Paper towels and painting palettes are an expense that could be diminished by using the FREE phone book for wiping and even mixing paint. It also cuts way down on rags and brush cleaner during painting process. The phone books paper is smooth and has a durable sealed surface so the painting and mediums doesn't soak in too far into the paper. Works great for the palette knife too. Once the phone book paper is filled up, just roll the page towards the spine of the phone book and rip from the top edge for easy disposal and instantly there is a new clean sheet ready to use. 


Plastic, metal, wood and glass throw away containers have multi-uses in my studio. I used to eat a lot of sushi when I lived in Vancouver and collected the chopsticks over the years and always find use for the wood chopsticks like spreading glue on large areas and tucking glue into tight areas, mixing paint, etc. 

Scraps of wood that came with shipping goods comes in handy often for when I am painting a flat surface and want to lift it off the table top and always use it under my canvas and panels when I apply gesso so it doesn't stick to the newspaper and leave a bad lumpy drip edge stuck with newsprint. 

The plastic food containers comes in handy for holding STUFF and great for mixing paint, varnishes etc. and when they are finished, into the recycling bin the go. 

I use the tin cans of various sizes for varnishes and brush cleaners as well as they work great for pencil and brush holders.



Its always a problem to find places in the house and studio to store art supplies such as large sheets of drawing & pastel paper so it doesn't get damaged. My sister Colleen and her ex-mate Larry, designed and hand crafted for me a portable paper holder that I could also take with me as a portable table top if I needed to use it in a pinch. The inside has an elastic strap that can hold the paper flat when in transportation. The portable paper holder works well for long term storage for 18" x 24" paper sizes. This can be slid under a bed, tucked into a closet as its slim design allows it to be stored in a variety of places.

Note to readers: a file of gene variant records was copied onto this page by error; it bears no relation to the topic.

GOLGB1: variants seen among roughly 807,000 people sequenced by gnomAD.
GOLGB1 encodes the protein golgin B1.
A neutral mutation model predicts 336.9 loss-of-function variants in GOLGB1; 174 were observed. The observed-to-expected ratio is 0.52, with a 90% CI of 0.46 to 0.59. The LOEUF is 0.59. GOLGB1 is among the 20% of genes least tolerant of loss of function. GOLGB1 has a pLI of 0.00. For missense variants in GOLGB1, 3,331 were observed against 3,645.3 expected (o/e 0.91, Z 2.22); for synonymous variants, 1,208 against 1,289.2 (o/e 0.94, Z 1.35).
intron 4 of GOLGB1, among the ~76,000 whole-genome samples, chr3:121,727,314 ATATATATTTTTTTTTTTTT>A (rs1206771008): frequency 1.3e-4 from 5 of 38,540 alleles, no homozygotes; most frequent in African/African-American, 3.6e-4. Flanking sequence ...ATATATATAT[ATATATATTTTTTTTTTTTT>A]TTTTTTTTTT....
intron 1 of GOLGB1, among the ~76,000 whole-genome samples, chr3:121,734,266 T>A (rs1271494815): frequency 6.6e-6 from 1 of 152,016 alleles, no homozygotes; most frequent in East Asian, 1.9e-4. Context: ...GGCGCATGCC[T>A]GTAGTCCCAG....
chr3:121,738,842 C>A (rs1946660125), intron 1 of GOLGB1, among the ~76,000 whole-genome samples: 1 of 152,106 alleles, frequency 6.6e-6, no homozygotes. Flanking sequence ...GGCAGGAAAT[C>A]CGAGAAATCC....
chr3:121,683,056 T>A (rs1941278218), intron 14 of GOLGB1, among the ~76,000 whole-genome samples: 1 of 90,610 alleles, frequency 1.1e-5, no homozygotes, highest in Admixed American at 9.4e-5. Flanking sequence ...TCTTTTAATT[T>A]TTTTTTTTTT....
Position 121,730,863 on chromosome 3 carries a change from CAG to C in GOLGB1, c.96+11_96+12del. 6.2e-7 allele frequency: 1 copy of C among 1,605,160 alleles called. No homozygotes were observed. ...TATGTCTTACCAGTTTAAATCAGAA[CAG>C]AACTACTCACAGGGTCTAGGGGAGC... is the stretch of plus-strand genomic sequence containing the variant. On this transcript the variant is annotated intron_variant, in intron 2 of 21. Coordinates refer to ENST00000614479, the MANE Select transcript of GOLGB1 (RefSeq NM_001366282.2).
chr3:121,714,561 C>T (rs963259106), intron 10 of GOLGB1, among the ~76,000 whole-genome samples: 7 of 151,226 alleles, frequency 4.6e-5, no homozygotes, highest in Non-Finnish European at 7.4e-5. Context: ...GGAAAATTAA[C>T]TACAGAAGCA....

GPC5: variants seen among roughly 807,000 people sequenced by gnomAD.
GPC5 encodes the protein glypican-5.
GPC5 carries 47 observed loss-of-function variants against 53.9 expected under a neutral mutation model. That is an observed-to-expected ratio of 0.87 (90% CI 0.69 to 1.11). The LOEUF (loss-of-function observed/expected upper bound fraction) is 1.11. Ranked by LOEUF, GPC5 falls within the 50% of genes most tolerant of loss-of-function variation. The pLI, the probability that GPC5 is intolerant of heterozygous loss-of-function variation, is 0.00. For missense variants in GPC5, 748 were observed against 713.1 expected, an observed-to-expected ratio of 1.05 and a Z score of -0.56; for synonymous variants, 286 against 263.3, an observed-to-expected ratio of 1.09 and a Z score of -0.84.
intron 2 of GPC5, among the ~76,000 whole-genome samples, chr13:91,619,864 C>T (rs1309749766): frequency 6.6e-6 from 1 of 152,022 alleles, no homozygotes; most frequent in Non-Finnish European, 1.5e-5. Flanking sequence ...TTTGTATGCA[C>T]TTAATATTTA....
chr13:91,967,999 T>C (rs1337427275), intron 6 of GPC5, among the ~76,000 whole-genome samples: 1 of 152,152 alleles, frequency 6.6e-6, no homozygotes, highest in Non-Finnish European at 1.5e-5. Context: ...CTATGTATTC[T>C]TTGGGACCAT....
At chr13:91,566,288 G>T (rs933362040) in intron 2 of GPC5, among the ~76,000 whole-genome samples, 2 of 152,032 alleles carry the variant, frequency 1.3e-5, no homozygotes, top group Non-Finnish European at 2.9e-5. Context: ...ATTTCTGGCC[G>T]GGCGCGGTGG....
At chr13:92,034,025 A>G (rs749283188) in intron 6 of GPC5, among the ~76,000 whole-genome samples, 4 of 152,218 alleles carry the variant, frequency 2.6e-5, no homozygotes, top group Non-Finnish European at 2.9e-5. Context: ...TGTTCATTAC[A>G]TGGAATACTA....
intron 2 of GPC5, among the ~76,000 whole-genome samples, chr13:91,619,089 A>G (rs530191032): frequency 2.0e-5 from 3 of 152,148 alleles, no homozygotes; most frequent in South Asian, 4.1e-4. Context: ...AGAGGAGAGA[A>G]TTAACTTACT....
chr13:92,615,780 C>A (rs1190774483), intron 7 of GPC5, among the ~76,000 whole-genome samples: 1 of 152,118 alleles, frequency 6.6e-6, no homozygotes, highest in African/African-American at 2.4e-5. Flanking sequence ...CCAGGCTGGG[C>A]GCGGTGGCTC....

I got the idea of the arm rest from a friend of mine who loves to paint ICON style paintings and she bought her arm rest from her Russian Icon painting teacher, as it helps to keep your arms and hands OFF the painting surface. When I seen this handy tool, I wanted one too! I did an exchange with a carpenter neighbor and had him make me 2 sizes for different width of papers and he made the arm rests out of scraps of wood, sanding the edges nice and smooth. I use the arm rests all the time for detail work and also love the straight edge of the wood that makes for drawing and painting straight edges without using a pre-drawn line.

May some of my ideas for studio tools help you out in your art pursuits!

2 comments :

Anonymous said...

I love the armrest idea. Would help to also minimize carpel tunnel I would think

Artist Minaz Jantz said...

The arm rest tool does allow for longer sessions of drawing/painting and think it would minimize carpel tunnel issues. It also allows fine detail work to be done without the arm wrist shaking then tiring...easel painters use what is called a Maulstick for up right painting...https://en.wikipedia.org/wiki/Maulstick